Identifying preclinical vascular dementia in symptomatic small vessel disease using MRI.
Lambert C., Zeestraten E., Williams O., Benjamin P., Lawrence AJ., Morris RG., Mackinnon AD., Barrick TR., Markus HS.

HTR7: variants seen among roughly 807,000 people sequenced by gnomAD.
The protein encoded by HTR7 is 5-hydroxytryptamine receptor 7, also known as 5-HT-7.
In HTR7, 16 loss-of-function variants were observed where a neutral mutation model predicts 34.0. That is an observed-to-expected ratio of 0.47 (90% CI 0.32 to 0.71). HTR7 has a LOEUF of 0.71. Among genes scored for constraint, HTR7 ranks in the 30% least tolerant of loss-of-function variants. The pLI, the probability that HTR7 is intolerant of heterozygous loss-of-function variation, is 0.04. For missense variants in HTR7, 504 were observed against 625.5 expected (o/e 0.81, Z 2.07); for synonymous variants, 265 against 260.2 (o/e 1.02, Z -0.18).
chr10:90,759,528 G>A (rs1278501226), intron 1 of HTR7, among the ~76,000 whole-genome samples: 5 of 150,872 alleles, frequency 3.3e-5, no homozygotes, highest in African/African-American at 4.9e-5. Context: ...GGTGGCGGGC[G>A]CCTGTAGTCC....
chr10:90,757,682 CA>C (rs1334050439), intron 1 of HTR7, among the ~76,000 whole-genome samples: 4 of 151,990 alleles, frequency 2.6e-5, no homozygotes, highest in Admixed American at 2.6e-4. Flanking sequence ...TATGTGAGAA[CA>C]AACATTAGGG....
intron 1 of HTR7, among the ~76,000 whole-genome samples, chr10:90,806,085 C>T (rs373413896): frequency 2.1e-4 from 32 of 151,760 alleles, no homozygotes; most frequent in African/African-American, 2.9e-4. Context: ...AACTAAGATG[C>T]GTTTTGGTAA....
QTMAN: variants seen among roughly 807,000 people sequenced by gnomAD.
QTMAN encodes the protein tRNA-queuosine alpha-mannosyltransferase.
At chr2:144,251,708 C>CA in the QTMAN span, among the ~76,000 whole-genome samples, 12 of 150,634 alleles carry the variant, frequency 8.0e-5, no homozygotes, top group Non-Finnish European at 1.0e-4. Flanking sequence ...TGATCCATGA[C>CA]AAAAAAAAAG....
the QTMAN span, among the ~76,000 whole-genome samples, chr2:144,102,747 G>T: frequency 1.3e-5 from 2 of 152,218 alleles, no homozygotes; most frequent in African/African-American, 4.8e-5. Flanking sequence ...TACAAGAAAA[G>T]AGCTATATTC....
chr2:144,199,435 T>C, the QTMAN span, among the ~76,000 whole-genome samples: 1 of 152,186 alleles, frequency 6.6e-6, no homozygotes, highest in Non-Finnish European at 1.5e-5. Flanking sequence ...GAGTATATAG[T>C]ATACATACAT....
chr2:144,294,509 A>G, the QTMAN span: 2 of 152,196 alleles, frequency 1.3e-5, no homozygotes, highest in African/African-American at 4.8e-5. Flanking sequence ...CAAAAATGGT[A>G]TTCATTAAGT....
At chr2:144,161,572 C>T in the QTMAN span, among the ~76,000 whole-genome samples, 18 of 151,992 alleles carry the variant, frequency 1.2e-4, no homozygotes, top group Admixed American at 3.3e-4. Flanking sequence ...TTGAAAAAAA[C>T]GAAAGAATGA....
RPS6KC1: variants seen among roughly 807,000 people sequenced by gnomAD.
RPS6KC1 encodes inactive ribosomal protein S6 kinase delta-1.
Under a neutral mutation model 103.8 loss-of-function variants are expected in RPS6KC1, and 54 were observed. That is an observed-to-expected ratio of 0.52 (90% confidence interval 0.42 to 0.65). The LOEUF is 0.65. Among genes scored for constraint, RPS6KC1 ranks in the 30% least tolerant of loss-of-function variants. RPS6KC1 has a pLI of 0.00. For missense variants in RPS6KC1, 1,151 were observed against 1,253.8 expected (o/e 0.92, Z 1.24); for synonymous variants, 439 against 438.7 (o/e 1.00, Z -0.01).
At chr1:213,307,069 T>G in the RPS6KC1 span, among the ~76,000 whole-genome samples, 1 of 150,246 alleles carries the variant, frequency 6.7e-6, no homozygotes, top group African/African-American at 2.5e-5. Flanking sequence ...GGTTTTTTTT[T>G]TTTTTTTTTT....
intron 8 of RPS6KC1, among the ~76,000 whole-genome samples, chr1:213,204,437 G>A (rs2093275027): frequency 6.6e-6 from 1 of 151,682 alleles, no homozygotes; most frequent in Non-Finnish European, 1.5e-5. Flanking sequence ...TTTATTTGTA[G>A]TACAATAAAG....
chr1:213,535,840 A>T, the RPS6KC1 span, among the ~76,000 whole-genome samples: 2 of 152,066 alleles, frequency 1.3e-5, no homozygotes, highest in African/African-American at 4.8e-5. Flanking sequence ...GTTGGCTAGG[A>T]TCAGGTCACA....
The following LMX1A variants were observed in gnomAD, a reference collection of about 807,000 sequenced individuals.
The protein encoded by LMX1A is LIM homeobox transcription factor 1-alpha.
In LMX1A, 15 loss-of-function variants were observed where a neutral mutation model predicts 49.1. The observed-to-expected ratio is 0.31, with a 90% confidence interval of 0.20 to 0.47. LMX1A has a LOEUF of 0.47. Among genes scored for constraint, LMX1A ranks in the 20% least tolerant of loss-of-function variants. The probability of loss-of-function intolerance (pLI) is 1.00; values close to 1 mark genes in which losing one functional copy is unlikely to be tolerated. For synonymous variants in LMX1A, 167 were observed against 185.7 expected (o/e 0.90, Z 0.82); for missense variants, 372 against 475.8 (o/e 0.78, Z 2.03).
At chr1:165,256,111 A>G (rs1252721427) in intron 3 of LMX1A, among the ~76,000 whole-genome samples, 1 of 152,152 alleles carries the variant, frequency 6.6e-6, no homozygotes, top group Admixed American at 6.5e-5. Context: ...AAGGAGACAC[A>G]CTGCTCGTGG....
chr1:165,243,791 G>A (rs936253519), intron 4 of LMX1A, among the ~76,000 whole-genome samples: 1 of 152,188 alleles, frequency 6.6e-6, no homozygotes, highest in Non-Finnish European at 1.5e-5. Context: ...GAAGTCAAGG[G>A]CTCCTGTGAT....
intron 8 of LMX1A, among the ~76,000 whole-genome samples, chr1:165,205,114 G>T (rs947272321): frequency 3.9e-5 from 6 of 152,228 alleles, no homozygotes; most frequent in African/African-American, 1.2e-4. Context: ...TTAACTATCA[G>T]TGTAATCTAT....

Sporadic cerebral small vessel disease is an important cause of vascular dementia, a syndrome of cognitive impairment together with vascular brain damage. At post-mortem pure vascular dementia is rare, with evidence of co-existing Alzheimer's disease pathology in 95% of cases. This work used MRI to characterize structural abnormalities during the preclinical phase of vascular dementia in symptomatic small vessel disease. 121 subjects were recruited into the St George's Cognition and Neuroimaging in Stroke study and followed up longitudinally for five years. Over this period 22 individuals converted to dementia. Using voxel-based morphometry, we found structural abnormalities present at baseline in those with preclinical dementia, with reduced grey matter density in the left striatum and hippocampus, and more white matter hyperintensities in the frontal white-matter. The lacunar data revealed that some of these abnormalities may be due to lesions within the striatum and centrum semiovale. Using support vector machines, future dementia could be best predicted using hippocampal and striatal Jacobian determinant data, achieving a balanced classification accuracy of 73%. Using cluster ward linkage we identified four anatomical subtypes. Successful predictions were restricted to groups with lower levels of vascular damage. The subgroup that could not be predicted were younger, further from conversion, had the highest levels of vascular damage, with milder cognitive impairment at baseline but more rapid deterioration in processing speed and executive function, consistent with a primary vascular dementia. In contrast, the remaining groups had decreasing levels of vascular damage and increasing memory impairment consistent with progressively more Alzheimer's-like pathology. Voxel-wise rates of hippocampal atrophy supported these distinctions, with the vascular group closely resembling the non-dementing cohort, whereas the Alzheimer's like group demonstrated global hippocampal atrophy. This work reveals distinct anatomical endophenotypes in preclinical vascular dementia, forming a spectrum between vascular and Alzheimer's like pathology. The latter group can be identified using baseline MRI, with 73% converting within 5 years. It was not possible to predict the vascular dominant dementia subgroup, however 19% of negative predictions with high levels of vascular disease would ultimately develop dementia. It may be that techniques more sensitive to white matter damage, such as diffusion weighted imaging, may prove more useful for this vascular dominant subgroup in the future. This work provides a way to accurately stratify patients using a baseline MRI scan, and has utility in future clinical trials designed to slow or prevent the onset of dementia in these high-risk cohorts.